We often run promotion campaigns via eNewsletters alerting subscribers of a special sale on our site in order to push more traffic to our site. We monitor traffic and engagement with Google Analytics and also have a link to request a free exam copy on each book page on our website, along with links to the PDFs of your TOC and Introduction (or first section of your book if available). Note that the TOC and Introduction come to us from Production when your book is wrapped, so there may be a delay on this information showing up on your book’s web page.

What you can do: First, you’ll want to include this URL in everything, including your email signature! Boast your new publication—you worked hard on it! If you see an issue on your book’s webpage, please email your marketing manager and your Editorial team ASAP. We can work together in our database to correct the metadata.

Website Author Profile

When we upload your book onto our website (per the section “Website Book Page”), we also create a custom author profile on our website. This is a web page which features your author bio and all the books you’ve published with Ҵý. The URL includes your name, which looks great when included in your CV or other portfolios.

What you can do: Check out your author profile on our website. If you have any edits to the biography displayed, you can be in touch with your Editorial team.

Monthly eNewsletters

Every month, we send out eNewsletters by subject to our internal contacts (over 65,000 folks and growing) featuring new publications for the month, sometimes older featured titles, blog posts, and other content we think is valuable to our audience.

What you can do: Sign up for our eNewsletters so you can stay in the know and see when we feature your book: . Also encourage other readers to sign up for our eNewsletters.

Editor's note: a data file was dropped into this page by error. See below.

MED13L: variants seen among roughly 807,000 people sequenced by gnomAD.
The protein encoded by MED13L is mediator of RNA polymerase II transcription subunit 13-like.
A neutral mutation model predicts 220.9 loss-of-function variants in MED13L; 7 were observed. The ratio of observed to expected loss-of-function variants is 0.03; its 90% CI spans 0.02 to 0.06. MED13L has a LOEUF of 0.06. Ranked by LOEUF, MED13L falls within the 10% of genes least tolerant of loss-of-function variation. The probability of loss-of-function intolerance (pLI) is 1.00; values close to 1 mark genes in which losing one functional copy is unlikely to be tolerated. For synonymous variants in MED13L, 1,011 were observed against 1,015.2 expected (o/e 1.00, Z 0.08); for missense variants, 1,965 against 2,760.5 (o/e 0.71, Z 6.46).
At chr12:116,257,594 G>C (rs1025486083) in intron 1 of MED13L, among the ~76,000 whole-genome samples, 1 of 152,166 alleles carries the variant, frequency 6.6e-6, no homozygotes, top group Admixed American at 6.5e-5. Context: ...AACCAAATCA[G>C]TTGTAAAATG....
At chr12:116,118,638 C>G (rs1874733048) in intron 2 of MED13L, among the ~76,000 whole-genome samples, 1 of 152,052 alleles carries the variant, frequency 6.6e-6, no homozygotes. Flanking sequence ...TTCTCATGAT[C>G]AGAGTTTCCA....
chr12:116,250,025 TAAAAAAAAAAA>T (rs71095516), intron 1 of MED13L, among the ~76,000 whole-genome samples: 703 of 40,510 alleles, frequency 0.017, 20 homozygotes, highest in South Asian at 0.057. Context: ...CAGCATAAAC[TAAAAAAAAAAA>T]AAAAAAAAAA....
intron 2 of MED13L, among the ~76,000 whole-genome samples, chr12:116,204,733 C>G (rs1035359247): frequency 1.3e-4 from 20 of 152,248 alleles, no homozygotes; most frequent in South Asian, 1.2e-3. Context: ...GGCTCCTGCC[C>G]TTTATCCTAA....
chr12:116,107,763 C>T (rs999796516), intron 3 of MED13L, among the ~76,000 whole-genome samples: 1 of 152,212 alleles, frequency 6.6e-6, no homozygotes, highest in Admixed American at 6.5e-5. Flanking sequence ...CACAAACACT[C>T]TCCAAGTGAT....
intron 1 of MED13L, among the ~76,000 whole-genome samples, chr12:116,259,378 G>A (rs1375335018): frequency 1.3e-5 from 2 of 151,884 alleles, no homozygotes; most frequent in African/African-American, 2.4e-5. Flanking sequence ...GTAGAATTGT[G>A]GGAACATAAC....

Bespoke Email Campaigns

A bespoke email campaign for your title can be a highly effective marketing tool. We find the click-through-rates on bespoke email campaigns are sometimes more than double the industry average. This email is tailored specifically to your book and built by your marketing manager. It will include your book’s cover, title, headline, synopsis, any praise, your biography, and links to buying options (nyupress.org, Amazon, IndieBound, etc.). We also include your book’s specific coupon in the email to drive demand.

What you can do: Simply send your marketing manager a list of your contacts’ emails (in Excel, one email per row), and they will send the bespoke email campaign to your contacts on behalf of the Press. We ask that you only send us contacts for which you have a current email address. We will also include our own internal contacts to bolster your list, folks who have signed up for subject-specific mailing lists, along with previous Ҵý customers of similar titles to yours.

Adoption Campaigns

Adoptions are a large part of our marketing and sales strategy here at the Press. Most of the books we publish are written for use in the classroom, and it’s our job to make sure it gets there! We send out two main course adoption email campaigns per year. The adoption seasons are January / February and August / September. For select titles, we send out a single title adoption email to targets list of professors (1,000-2,000) teaching courses related to the book. For other books that are appropriate for course adoption, we include them in a bulk adoption email by subject, which is sent to a list of professors (3,000-5,000) teaching in that subject area. The main goal of these campaigns is to get professors to request desk / exam copies of your title. We track open- and click-through rates, desk / exam copy requests, and optimize emails to improve these analytics. Through our email marketing service, we can follow up with people who have requested desk / exam copies to suggest related titles and future editions with our Curriculum Recommendations (/curriculum-recommendations/).